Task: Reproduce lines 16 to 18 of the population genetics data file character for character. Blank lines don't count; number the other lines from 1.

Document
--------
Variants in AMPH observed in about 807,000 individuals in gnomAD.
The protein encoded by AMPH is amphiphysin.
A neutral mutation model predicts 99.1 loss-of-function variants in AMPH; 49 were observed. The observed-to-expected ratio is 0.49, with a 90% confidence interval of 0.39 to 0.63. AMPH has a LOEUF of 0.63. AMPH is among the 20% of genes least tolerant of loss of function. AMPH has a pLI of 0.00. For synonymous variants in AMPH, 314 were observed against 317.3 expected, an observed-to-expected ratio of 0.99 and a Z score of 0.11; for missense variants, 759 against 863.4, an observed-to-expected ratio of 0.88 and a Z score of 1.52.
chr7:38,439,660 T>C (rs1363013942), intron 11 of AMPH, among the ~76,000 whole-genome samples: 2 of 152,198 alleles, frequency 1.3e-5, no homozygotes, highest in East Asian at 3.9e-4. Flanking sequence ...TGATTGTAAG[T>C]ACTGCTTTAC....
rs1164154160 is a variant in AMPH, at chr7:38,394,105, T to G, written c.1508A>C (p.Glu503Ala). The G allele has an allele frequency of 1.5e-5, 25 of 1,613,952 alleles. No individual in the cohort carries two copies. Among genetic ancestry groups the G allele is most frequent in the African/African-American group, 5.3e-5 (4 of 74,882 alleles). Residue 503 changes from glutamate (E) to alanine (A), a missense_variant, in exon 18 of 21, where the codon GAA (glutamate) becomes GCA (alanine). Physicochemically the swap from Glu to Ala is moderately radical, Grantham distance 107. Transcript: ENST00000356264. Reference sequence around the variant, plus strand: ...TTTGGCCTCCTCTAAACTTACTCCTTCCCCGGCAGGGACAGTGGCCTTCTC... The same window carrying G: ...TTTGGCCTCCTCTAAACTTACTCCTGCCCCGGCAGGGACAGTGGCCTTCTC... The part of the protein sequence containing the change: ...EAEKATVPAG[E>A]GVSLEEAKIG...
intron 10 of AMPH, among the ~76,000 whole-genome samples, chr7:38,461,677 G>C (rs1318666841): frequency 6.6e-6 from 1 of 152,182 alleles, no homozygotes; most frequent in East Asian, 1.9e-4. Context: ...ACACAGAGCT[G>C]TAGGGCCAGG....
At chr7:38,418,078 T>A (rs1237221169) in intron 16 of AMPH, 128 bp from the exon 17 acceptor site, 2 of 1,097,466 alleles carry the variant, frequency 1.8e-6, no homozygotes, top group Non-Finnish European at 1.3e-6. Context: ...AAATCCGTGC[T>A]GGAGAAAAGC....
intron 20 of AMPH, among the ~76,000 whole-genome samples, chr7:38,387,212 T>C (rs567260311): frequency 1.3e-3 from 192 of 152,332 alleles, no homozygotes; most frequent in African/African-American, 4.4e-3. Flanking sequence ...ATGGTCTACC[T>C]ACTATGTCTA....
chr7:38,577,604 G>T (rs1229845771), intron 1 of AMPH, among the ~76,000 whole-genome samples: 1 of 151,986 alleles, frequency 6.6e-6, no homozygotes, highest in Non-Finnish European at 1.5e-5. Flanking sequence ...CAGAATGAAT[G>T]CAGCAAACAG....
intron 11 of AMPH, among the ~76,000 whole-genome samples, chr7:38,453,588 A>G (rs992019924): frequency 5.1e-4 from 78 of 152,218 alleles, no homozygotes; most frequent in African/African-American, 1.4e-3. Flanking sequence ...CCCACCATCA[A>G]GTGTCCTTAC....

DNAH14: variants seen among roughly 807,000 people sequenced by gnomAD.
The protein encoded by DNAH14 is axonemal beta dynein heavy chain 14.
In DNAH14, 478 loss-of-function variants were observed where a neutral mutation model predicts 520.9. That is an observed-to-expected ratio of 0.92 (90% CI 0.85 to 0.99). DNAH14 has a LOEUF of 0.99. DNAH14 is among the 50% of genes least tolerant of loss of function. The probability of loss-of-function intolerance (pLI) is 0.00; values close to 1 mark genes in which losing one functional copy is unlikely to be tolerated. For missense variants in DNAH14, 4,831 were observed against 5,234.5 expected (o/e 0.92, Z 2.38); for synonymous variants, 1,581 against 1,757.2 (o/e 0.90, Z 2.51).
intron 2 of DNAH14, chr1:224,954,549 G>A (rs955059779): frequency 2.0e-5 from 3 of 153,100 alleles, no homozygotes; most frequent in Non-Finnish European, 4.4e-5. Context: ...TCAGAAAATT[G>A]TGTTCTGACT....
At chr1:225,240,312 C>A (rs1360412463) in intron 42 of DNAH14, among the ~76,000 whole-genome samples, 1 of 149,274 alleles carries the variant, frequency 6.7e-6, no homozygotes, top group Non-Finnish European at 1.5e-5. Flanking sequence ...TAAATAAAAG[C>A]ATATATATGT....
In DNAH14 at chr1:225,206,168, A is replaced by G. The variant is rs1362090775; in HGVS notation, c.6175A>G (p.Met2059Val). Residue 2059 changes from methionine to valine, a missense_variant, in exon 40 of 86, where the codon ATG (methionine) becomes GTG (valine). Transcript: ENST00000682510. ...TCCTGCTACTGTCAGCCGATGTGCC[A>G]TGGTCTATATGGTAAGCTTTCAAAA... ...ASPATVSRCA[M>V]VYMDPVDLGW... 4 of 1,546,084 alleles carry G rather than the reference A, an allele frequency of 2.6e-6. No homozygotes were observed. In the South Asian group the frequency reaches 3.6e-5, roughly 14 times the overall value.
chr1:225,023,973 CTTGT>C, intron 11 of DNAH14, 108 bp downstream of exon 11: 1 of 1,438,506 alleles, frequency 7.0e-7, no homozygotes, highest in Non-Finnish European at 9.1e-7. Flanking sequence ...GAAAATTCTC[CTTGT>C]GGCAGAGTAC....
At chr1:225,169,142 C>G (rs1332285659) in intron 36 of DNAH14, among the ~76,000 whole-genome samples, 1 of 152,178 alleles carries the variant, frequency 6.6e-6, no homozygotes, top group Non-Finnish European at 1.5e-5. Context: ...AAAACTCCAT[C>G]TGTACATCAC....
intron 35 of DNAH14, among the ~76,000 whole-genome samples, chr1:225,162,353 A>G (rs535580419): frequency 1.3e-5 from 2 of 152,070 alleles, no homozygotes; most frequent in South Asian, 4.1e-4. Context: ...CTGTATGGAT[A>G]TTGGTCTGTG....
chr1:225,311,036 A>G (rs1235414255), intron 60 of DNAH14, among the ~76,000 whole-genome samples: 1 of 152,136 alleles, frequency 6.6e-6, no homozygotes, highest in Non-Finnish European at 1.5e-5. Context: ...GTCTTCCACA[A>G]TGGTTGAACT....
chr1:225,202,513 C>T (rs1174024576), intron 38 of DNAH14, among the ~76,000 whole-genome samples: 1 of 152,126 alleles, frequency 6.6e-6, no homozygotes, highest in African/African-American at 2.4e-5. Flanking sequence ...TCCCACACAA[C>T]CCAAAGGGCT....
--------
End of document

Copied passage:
In DNAH14 at chr1:225,206,168, A is replaced by G. The variant is rs1362090775; in HGVS notation, c.6175A>G (p.Met2059Val). Residue 2059 changes from methionine to valine, a missense_variant, in exon 40 of 86, where the codon ATG (methionine) becomes GTG (valine). Transcript: ENST00000682510. ...TCCTGCTACTGTCAGCCGATGTGCC[A>G]TGGTCTATATGGTAAGCTTTCAAAA... ...ASPATVSRCA[M>V]VYMDPVDLGW... 4 of 1,546,084 alleles carry G rather than the reference A, an allele frequency of 2.6e-6. No homozygotes were observed. In the South Asian group the frequency reaches 3.6e-5, roughly 14 times the overall value.
chr1:225,023,973 CTTGT>C, intron 11 of DNAH14, 108 bp downstream of exon 11: 1 of 1,438,506 alleles, frequency 7.0e-7, no homozygotes, highest in Non-Finnish European at 9.1e-7. Flanking sequence ...GAAAATTCTC[CTTGT>C]GGCAGAGTAC....
At chr1:225,169,142 C>G (rs1332285659) in intron 36 of DNAH14, among the ~76,000 whole-genome samples, 1 of 152,178 alleles carries the variant, frequency 6.6e-6, no homozygotes, top group Non-Finnish European at 1.5e-5. Context: ...AAAACTCCAT[C>G]TGTACATCAC....